At this point in the match, it’s anyone’s guess who might win. Joe might be the new guy on the scene, but he’s spent the first half of the match as the most dominant performer. Daniels hits Joe with an enziguri. Joe tries to block it with the X-Division belt but Daniels sends it smashing into Joe’s face. Daniels hits a springboard moonsault on Styles but Joe breaks up the count.
We’re fifteen minutes in and things are showing no signs of slowing down. Styles hits a perfect moonsault-DDT on Daniels but it’s not enough to put him away. The finishing sequence finally comes around the 20-minute mark when Styles lands a Styles Clash on Daniels, but again Joe stops the three count.
Daniels incapacitates Joe on the outside, then he attempts an Angel’s Wings on Styles, but Styles reverses it with a back body drop straight into a pinfall. Daniels struggles to break free but he can’t. Styles get the three to become a five-time X-Division Champion.
This might have been the quickest twenty-three minutes in pro wrestling history. There was no clutter and no downtime. Under other circumstances, or with other performers, the same match could have been an indie-style spot fest with lots of awkward stalling and setting up spots. But these three men were able to transition seamlessly between sequences in matters of seconds.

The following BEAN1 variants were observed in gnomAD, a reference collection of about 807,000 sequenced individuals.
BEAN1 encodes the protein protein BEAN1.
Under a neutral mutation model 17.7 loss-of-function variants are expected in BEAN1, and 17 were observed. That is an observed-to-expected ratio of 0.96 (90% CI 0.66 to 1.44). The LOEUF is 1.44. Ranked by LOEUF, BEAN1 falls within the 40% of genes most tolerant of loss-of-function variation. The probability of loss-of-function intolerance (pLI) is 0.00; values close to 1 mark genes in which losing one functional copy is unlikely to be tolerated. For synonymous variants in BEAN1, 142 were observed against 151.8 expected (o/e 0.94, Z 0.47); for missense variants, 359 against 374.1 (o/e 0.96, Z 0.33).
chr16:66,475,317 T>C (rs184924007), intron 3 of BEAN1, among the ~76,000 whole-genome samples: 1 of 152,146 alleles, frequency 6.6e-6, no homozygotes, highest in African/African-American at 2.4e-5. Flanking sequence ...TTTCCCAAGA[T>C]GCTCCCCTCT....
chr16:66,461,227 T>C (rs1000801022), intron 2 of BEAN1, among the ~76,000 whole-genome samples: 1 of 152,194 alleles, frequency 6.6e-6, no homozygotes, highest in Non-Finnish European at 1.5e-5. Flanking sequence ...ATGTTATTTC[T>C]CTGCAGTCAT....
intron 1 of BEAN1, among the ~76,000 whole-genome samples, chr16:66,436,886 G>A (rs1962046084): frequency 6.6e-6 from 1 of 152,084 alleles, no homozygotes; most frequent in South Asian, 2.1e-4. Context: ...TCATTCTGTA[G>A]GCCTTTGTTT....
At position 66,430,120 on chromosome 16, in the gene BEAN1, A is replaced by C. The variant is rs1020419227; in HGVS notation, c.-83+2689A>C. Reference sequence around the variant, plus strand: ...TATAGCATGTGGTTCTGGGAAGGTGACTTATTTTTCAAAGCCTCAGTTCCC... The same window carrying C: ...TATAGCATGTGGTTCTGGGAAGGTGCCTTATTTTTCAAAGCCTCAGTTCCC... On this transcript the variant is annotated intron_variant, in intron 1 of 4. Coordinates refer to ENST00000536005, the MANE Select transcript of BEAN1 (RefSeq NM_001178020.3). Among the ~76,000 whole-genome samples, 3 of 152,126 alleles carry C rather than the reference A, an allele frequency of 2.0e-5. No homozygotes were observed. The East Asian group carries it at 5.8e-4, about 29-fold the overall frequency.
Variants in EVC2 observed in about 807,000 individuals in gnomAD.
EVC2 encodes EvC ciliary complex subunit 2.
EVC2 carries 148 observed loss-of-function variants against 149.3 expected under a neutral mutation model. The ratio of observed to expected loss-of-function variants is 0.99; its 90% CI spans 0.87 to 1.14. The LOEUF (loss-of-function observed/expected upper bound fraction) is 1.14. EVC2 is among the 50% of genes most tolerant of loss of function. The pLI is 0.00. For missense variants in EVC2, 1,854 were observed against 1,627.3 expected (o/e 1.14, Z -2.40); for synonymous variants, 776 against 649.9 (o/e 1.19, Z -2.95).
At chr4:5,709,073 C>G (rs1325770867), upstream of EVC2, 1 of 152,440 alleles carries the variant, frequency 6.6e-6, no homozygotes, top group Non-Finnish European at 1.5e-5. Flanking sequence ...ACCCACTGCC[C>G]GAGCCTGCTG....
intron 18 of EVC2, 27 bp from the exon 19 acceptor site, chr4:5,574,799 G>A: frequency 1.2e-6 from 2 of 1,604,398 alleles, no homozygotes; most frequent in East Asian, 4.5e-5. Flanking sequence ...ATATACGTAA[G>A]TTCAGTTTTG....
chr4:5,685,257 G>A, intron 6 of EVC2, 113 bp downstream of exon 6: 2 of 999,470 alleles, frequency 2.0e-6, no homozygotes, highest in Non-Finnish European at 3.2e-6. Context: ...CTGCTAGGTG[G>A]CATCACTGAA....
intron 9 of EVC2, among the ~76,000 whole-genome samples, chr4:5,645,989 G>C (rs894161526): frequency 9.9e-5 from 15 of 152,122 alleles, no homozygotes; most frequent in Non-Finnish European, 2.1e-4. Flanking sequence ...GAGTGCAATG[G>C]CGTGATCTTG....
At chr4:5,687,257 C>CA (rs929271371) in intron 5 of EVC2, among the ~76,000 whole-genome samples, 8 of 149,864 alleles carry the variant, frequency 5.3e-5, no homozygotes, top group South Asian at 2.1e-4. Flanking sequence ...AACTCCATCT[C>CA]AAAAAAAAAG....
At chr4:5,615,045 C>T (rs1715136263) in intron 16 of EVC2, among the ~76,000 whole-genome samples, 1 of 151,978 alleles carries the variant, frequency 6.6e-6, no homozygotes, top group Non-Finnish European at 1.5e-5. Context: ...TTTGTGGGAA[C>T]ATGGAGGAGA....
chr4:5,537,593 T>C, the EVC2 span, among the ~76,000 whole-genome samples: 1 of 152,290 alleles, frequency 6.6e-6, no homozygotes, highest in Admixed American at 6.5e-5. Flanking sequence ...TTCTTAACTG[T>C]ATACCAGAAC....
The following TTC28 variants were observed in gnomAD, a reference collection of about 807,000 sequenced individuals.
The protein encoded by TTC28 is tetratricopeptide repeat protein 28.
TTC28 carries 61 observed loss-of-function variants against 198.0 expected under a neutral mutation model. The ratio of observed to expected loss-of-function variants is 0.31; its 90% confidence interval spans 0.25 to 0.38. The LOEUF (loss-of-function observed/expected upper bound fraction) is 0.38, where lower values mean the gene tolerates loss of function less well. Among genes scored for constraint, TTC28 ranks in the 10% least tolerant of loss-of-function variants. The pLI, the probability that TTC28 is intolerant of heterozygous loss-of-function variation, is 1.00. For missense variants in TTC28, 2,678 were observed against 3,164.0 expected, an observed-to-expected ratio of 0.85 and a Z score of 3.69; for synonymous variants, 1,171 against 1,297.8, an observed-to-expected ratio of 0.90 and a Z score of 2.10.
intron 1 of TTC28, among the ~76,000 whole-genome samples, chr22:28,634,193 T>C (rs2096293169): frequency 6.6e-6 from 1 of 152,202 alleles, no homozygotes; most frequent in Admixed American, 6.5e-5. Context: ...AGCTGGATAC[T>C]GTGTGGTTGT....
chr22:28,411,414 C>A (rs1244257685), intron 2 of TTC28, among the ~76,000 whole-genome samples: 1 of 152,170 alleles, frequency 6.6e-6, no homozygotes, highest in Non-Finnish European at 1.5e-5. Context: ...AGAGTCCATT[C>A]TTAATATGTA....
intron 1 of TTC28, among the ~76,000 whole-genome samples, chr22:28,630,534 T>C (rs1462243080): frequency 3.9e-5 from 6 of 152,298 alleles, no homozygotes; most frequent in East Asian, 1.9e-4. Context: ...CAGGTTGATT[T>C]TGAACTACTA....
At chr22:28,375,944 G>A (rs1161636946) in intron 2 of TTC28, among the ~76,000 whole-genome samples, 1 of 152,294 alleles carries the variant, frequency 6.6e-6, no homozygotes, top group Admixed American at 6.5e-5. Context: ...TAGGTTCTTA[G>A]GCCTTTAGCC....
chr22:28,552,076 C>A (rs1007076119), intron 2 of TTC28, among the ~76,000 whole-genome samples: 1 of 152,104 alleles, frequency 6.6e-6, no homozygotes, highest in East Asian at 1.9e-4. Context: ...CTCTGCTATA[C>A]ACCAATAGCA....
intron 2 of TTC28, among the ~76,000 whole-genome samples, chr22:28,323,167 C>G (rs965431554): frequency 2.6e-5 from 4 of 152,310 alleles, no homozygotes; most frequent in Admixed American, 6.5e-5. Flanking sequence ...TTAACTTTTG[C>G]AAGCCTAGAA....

Some people thought that the finish of the match was a little abrupt, but this match was only the beginning of an extensive program involving all three performers. Therefore, the quick finish kept Daniels and Joe looking like a legit threat to Styles’ record-breaking reign.
This match no doubt had a great influence on the wrestling world. In the years which followed, many indie performers attempted to copy this fast-paced style (and still do to this day) but few have the charisma and in-ring ability which these three men did. Quite often (I love AEW but they’re guilty of this as much as anyone), we see the moves but not the substance. Personally, I find spot-fests highly enjoyable, but when there’s a logical flow and a reason behind the maneuvers, it makes for a much more immersive match.
In interviews that followed, Samoa Joe revealed that he accidentally began the go-home sequence in this match eight minutes early, then Styles and Daniels just ran with it.
As of 2020, this is the only TNA match to ever get awarded 5-stars by the Wrestling Observer. Interestingly, Samoa Joe went on to have another 5-star match three weeks after this with Kenta Kobashi in ROH. The triple threat match remains Styles’ only 5-star match of his career.